Pakistan rejects EU agency's warning to flights

Country's airspace is "completely safe" for all commercial flights, says Civil Aviation Authority spokesperson

Tariq Abul Hasan
A plane photographed after it takes off. — Reuters/File
A plane photographed after it takes off. — Reuters/File

  • EASA has not informed Pakistan of any threat: CAA spokesperson.
  • AOOA Founder describes EASA's instructions as "irresponsible".
  • EASA does not mention specific threat into, out of or within Pakistan.

A day after the European Union Aviation Safety Agency (EASA) issued an advisory warning airlines to not fly below FL 260 altitude while flying over Lahore and Karachi, the Pakistan Civil Aviation Authority (PCAA) Sunday rejected its claims and said that the country's airspace is "completely safe" for all commercial flights.

The CAA spokesperson said: "EASA has not informed Pakistan of any threat to European airlines."

His remarks came in response to yesterday's EASA advisory that warned airlines of "violent non-state actor groups" in Pakistan that possessed anti-aviation weaponry.

"There is a continued possible threat to civil aviation resulting in a high risk to operation at altitudes below FL 260," the Sunday advisory read.

Meanwhile, the Aircraft Owners Operators Association (AOOA) also reacted strongly to this directive, demanding that it be withdrawn.

AOOA Founder Imran Aslam Khan described the instructions of EASA as "irresponsible" and said that different airlines fly to and from Pakistani airports every day.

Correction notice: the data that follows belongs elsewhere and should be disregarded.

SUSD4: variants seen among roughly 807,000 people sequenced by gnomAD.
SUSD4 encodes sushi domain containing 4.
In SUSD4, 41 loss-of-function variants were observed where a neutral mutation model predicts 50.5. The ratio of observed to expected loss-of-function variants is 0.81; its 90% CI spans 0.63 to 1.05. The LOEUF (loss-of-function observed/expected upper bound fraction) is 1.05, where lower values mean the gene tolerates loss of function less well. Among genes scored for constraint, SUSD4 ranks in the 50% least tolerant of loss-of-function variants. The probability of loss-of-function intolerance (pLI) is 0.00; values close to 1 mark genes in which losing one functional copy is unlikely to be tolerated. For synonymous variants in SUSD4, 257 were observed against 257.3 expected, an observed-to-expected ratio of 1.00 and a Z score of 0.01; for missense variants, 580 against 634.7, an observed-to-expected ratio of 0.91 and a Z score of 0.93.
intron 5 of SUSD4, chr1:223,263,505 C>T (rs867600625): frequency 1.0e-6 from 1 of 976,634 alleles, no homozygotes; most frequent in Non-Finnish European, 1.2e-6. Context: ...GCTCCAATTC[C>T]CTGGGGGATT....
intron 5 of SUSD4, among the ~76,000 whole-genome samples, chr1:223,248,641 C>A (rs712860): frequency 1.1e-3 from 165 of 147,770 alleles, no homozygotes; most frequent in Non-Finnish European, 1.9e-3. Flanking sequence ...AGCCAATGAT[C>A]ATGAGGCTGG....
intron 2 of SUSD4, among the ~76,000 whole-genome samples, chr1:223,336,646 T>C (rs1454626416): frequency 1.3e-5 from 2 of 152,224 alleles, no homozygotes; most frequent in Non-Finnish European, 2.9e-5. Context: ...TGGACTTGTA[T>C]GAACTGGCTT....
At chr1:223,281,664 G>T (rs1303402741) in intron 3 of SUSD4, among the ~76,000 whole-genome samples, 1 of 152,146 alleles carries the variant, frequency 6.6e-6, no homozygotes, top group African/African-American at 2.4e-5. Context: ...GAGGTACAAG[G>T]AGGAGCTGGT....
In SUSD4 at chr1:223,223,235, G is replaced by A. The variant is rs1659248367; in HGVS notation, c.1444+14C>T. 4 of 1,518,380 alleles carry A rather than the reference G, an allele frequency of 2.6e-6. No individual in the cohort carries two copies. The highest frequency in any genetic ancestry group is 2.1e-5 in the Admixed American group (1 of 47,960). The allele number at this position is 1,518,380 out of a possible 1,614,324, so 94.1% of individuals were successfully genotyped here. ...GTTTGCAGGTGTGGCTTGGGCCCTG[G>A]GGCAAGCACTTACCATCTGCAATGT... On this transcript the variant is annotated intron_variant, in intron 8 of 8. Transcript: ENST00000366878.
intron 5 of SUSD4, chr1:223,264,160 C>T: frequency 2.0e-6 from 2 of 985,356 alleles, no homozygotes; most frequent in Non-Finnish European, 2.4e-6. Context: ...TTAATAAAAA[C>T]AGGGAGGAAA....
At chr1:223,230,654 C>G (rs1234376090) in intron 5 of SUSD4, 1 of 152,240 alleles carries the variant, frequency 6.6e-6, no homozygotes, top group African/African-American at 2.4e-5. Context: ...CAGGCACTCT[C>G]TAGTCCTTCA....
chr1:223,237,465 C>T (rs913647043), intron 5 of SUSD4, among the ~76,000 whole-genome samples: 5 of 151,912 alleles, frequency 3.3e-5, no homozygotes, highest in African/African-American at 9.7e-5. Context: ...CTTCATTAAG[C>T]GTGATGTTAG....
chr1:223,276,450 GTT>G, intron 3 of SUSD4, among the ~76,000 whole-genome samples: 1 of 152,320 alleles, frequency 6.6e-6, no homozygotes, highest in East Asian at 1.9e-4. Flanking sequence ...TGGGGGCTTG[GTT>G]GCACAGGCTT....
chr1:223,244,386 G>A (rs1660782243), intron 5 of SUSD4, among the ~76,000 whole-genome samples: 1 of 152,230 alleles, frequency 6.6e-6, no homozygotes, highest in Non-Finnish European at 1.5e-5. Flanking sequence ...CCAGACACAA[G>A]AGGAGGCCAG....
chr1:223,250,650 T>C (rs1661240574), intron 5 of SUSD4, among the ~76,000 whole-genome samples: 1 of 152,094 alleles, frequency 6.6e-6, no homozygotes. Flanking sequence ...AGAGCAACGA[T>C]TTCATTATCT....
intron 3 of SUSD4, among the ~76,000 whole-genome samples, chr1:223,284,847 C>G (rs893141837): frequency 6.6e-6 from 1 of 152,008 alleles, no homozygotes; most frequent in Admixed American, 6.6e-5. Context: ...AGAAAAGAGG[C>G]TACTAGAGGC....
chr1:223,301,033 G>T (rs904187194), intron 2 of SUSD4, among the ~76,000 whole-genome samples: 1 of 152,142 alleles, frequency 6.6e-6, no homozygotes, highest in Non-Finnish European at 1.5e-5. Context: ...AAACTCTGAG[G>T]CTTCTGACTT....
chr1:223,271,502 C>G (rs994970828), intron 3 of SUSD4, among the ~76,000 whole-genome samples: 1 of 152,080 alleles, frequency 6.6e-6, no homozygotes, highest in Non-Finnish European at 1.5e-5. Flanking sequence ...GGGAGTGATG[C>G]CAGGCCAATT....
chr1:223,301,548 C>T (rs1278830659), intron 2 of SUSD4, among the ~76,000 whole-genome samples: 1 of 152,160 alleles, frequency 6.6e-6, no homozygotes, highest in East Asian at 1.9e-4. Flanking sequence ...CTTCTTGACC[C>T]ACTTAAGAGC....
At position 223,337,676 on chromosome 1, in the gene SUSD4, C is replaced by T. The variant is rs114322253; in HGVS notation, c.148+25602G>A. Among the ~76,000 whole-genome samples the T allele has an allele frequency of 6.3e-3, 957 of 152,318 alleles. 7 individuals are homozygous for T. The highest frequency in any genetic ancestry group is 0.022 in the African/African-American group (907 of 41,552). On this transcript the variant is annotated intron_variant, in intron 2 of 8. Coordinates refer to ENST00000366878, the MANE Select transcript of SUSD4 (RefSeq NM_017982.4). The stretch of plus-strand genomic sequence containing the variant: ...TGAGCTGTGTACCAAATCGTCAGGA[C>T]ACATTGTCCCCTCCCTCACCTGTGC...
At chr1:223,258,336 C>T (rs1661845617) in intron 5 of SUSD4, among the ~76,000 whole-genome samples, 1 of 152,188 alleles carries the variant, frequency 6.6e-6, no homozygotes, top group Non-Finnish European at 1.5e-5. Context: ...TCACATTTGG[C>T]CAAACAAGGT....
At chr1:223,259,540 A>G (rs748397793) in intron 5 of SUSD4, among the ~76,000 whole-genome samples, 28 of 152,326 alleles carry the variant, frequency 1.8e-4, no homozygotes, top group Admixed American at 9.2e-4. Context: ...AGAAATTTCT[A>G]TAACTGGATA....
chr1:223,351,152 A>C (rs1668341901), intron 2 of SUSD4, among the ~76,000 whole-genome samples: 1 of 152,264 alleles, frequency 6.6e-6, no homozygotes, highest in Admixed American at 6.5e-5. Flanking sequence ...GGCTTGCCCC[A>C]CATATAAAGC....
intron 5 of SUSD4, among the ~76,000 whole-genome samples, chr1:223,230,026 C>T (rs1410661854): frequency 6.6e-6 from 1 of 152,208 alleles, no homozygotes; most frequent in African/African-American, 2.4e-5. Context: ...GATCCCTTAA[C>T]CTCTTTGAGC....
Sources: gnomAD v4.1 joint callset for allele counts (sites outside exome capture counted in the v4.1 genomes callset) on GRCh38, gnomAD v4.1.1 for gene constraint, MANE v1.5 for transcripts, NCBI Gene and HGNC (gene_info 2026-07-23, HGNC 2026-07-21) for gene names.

"EASA should monitor the European airspace. After the Ukraine-Russia tension, the European airspace is not safe for planes, and many airlines have changed their routes," he said, lashing out at the European agency.

In its advisory yesterday, EASA told European airlines they should be careful while flying over Karachi and Lahore.

It warned that there is a risk of being hit by anti-aircraft guns and missiles, advising pilots to fly at 26,000 feet to avoid danger.

It further advised air operators to consider this and any other relevant information in their own risk assessments, alongside any available guidance or directions from their national authority as appropriate.

However, this is not the first time the agency issued such an advisory. A similar advisory was issued in November last year, which recommended that all operators exercise "extreme caution" when flying over the country and not flying below 24,000 feet.

Then and now, EASA has not referred to any specific threat of attack applying to flights into, out of or within Pakistan.

The safety agency, on its website, said that it's a neutral body that ensures confidence in safe air operations in Europe and worldwide by proposing and formulating rules, standards, and guidance; by certifying aircraft, parts, and equipment; and by approving and overseeing organisations in all aviation domains.